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When connecting to the database from the host works (local) but not from another host (remote), could be several things causing the problem. And a specific error message is much more helpful than "it does not work ...". Can't help if we can't tell what you need help with.
The one that gets most folk are the firewall settings. Next most "popular" problem is some kind of incorrect client setup.
From the remote host, try a tnsping. This will test both possible problems, and also tell you where the client configuration files live. In a command box, a tnsalias should be set up in the client %ORACLE_HOME%/network/admin/tnsnames.ora
You have to tell your client who "xejoe" is, by specifying the connect details in tnsnames.ora or have an oracle naming service available, i.e. the tnsnames.ora method, add this stanza to the tnsnames.ora file:
tnsping xejoe ... Used parameter files: <drive:>network\admin\sqlnet.ora ... Attempting to contact (DESCRIPTION=... <connect string host:port:service_name info> ... OK (<n> msec) ... ... Or could say tns-<n> error or something *not* OK
And if you've added the port number exception to your firewall, it should be all good to go.
xejoe = (DESCRIPTION = (ADDRESS_LIST = (ADDRESS = (PROTOCOL = TCP)(HOST = <hostname or IP for xejoe instance>)(PORT = <port#>)) ) (CONNECT_DATA = (SERVICE_NAME = <service name>[.domain_name] ) ) )
To verify the correct SERVICE_NAME will require an actual sqlplus connection- tnsping only verifies if a host has an oracle listener running on that port.
On the database server, a `lsnrctl services` command reveals the SERVICE_NAME used for the database instance.
I am sorry. I get Invalid Login Credentials. I can't log in at all. :(
What is the URL you are using from the remote client ? Can you ping the database host from the remote client ?
Ahh. Apex? How about the system password set up by the installer ... I'd assume you used the "get started" shortcut, http://127.0.0.1:8080/apex/f?p=4950
I get Invalid Login Credentials.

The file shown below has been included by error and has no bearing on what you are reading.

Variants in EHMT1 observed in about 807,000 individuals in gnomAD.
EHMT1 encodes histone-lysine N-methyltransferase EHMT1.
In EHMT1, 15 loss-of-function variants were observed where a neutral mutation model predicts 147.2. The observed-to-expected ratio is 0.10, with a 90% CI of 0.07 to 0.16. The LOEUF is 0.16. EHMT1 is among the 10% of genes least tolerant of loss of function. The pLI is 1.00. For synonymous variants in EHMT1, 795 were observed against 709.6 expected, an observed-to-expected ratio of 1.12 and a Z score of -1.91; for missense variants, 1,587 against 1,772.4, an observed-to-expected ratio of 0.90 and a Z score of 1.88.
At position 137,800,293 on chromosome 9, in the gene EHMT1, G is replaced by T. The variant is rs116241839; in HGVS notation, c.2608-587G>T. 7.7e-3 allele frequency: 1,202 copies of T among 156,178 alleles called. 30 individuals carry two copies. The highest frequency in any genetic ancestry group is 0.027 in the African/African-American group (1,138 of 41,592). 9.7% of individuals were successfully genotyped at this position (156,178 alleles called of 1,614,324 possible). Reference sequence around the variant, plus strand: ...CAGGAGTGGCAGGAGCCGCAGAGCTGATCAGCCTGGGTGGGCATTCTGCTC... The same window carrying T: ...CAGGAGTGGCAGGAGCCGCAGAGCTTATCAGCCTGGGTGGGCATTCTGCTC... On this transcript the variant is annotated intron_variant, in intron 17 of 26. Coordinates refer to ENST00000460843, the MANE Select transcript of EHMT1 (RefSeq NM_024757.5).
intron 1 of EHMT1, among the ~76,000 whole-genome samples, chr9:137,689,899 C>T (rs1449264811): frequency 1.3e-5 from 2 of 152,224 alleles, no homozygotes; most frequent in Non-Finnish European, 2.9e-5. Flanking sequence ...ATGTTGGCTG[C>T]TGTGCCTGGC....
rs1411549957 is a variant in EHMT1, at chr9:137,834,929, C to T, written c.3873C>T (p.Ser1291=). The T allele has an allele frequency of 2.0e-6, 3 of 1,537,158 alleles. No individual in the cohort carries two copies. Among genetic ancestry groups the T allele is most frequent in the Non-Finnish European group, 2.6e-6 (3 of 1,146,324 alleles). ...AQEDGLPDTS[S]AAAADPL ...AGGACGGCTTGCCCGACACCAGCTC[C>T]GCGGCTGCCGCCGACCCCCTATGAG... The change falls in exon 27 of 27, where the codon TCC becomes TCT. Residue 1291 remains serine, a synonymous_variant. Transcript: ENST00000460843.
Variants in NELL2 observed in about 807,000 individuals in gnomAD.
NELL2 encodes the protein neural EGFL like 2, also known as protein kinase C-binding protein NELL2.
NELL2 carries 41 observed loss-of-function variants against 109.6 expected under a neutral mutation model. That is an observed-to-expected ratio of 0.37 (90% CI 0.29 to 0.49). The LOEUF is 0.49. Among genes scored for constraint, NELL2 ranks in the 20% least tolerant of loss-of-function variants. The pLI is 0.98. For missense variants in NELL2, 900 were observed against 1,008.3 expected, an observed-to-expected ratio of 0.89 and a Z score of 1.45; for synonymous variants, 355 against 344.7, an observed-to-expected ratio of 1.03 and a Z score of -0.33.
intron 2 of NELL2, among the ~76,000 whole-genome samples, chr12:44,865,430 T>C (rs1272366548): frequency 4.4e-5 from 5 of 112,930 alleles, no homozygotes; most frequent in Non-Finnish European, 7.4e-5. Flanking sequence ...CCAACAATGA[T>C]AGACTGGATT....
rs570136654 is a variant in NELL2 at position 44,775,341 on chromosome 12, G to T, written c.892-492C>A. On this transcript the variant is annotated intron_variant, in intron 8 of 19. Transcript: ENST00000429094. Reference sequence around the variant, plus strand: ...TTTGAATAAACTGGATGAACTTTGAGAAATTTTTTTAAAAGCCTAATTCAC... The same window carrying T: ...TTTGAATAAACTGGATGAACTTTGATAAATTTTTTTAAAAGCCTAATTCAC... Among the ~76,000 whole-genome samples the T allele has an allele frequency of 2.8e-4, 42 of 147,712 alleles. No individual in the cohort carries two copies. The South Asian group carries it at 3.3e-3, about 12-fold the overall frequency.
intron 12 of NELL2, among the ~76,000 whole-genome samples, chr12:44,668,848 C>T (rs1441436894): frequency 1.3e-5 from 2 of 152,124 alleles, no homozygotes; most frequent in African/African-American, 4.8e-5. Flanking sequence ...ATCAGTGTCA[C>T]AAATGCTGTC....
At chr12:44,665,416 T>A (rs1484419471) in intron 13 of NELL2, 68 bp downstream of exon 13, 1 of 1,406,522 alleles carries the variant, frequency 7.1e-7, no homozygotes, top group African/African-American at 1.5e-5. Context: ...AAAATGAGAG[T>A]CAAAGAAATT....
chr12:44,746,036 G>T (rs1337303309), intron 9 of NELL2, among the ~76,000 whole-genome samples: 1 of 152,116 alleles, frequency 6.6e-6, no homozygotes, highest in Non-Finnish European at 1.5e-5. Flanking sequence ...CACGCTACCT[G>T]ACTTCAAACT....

So use the shortcut, login with the system credentials. Create an apex user. Workspaces aren't relevant ... unless you cant remember which one your apex user was assigned.
And that is a different port that needs to be added to the firewall exception list, see the ":8080" bit in the URL. Also note that using the localhost IP 127.0.0.1 takes firewall out of the equation.
did you follow the steps documented in the section [url http://docs.oracle.com/cd/E17781_01/install.112/e18802/toc.htm#BABIJBHJ]Making Oracle Database XE Available to Remote Clients of the Installation Guide?
Note: The link provided is intended for Linux installs. There is a similar section in the document for Windows.
The message "Invalid Login Credentials" is a bit surprising, though. Do you mean the state of your initial post (login is working on the local machine) is not true?
In that case, please provide the link you are calling to get a login screen and the username you enter there.
I mean that I can only login on the machine I set my account up on. I want to login on other machines with the same credentials and access what I have been working on; is this possible in XE?
Yes I used the shortcut. But if I set up XE on another machine the exact same way and use that shortcut, the password that I orignally created (on the first machine) will not go through on the newly setup machine. Is this normal?